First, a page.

At first glance, what may seem a difficult dilemma to resolve turns out to be rather simple, for a "bandit" and "hero" are not mutually exclusive qualifications; i.e., a person — not a specific action — can be considered both a criminal and a hero. Let us consider the hypothetical case of a known thief in the neighborhood that had committed multiple robberies. Since he was always able to escape from the security agents that pursued him, let's imagine he was walking freely through the streets when he saw a burning building and, risking his own life, bravely faced the fire and saved the lives of a dozen people. Would someone say that he was no longer a thief then? Of course not, because a brave, heroic, decent act does not redeem or delete crimes committed before and neither does it with those that could be committed later. Likewise, a committed crime does not render a previous or a posterior heroic act non-existent. This thief will always be a hero to the dozen people who remain alive because of his act, but for his victims, he will always be the person who stole from them. Another example: if a man chases and arrests the rapist of a child and on the following day he murders a man, does he cease to be a killer and should he not pay for this crime? Obviously not, because although he deserves the recognition and admiration of all for helping to bring justice in the case of rape, he also deserves the contempt and scorn of society for killing an innocent person, and must be punished severely just as any other killer who has never committed a heroic act.
It is therefore simple to ethically analyze those police subdivisions that do not commit crimes and also those that only commit crimes; it is also easy to express an opinion on those subdivisions that perform both legitimate and necessary duties as well as criminal ones. The officers who are part of latter, mixed type of subdivisions that carry out these duties do not differ at all from John, the security guard of our example above, who starts to commit a series of crimes besides the fulfillment of his duty towards his employer's store. They are just criminals, who may sometimes also perform good deeds.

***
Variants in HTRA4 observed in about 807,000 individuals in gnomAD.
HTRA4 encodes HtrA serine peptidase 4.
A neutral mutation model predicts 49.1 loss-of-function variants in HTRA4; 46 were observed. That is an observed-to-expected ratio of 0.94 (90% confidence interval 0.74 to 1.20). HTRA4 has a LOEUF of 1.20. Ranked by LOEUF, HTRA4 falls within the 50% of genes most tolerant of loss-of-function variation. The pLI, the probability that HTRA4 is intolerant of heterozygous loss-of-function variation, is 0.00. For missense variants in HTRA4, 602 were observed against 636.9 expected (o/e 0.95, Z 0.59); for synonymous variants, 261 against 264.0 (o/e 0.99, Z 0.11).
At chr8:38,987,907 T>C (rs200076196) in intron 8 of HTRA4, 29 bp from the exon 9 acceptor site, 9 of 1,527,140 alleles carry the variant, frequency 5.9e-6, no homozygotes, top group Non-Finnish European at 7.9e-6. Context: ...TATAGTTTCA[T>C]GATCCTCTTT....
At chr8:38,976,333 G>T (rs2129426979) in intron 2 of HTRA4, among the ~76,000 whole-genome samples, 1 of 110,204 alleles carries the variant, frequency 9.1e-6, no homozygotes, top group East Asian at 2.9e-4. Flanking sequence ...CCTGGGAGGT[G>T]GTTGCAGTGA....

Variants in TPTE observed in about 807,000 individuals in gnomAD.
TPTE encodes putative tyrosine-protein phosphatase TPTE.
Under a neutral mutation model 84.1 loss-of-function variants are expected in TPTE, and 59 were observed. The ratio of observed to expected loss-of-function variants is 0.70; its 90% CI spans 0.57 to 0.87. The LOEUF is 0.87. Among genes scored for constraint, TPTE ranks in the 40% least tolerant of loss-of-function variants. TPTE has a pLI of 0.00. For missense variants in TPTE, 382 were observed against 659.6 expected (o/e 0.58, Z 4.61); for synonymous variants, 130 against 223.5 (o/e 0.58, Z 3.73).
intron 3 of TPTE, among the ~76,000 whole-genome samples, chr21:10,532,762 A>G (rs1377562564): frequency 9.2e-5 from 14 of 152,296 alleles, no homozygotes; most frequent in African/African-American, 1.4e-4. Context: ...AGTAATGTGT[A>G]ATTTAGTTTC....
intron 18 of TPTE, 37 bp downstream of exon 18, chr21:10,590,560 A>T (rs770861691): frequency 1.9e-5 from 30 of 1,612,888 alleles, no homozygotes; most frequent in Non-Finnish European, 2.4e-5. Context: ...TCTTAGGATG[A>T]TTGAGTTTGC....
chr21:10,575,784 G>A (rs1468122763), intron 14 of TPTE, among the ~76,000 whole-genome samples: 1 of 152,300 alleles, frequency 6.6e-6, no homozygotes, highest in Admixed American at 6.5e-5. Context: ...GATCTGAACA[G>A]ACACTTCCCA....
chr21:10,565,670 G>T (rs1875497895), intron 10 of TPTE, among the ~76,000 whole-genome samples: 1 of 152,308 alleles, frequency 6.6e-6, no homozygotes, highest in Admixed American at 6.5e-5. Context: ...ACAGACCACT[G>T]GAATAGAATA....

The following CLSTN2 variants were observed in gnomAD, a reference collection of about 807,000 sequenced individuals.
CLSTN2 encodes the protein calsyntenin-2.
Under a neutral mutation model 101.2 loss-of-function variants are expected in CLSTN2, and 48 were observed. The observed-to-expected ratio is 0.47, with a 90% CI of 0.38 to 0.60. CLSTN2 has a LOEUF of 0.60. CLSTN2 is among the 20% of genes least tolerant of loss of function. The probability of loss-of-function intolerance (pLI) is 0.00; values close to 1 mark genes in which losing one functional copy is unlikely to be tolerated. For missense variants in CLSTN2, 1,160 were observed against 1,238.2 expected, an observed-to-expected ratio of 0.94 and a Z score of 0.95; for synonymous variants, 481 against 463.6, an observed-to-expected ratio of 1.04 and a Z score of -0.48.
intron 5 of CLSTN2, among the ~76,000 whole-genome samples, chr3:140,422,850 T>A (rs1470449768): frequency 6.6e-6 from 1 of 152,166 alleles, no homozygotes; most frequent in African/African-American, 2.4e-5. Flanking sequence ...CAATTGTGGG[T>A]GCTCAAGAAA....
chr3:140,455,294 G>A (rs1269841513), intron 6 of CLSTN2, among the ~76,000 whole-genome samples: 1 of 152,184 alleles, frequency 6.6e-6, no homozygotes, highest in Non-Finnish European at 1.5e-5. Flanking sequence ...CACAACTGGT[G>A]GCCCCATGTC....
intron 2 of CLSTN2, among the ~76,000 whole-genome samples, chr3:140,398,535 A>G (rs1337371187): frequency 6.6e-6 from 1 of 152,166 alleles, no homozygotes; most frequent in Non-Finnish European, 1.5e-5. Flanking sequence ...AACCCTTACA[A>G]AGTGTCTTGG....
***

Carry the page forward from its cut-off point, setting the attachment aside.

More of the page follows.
The difference between sporadic, private criminals and the police is that the former are anonymous; they are always running away and hiding, and are usually only revealed as criminals after being caught. The police officers, on the other hand, usually reveal their identity and are identified by uniforms and badges. Vehicles and buildings used by this criminal group openly display their markings. And they proudly flaunt their crimes, as when, for example, they "make an apprehension of drugs and smuggled goods", in other words, when they rob the property of merchants, and proudly announce to the society all the figures and details of the robbery they carried out.
Thus, this compulsory monopoly of the use of force, that in addition to this crime — monopoly  — practices many others, creates a situation where the police, which should be the guardian of property rights, is the same unit that attacks such rights; that those who should execute one of the most honorable and courageous functions of society: the addressing and directly tackling of some of the worst things in our world — human wickedness — manifested in the form of terrible crimes against life and property, are the same people who in most cases commit many other crimes,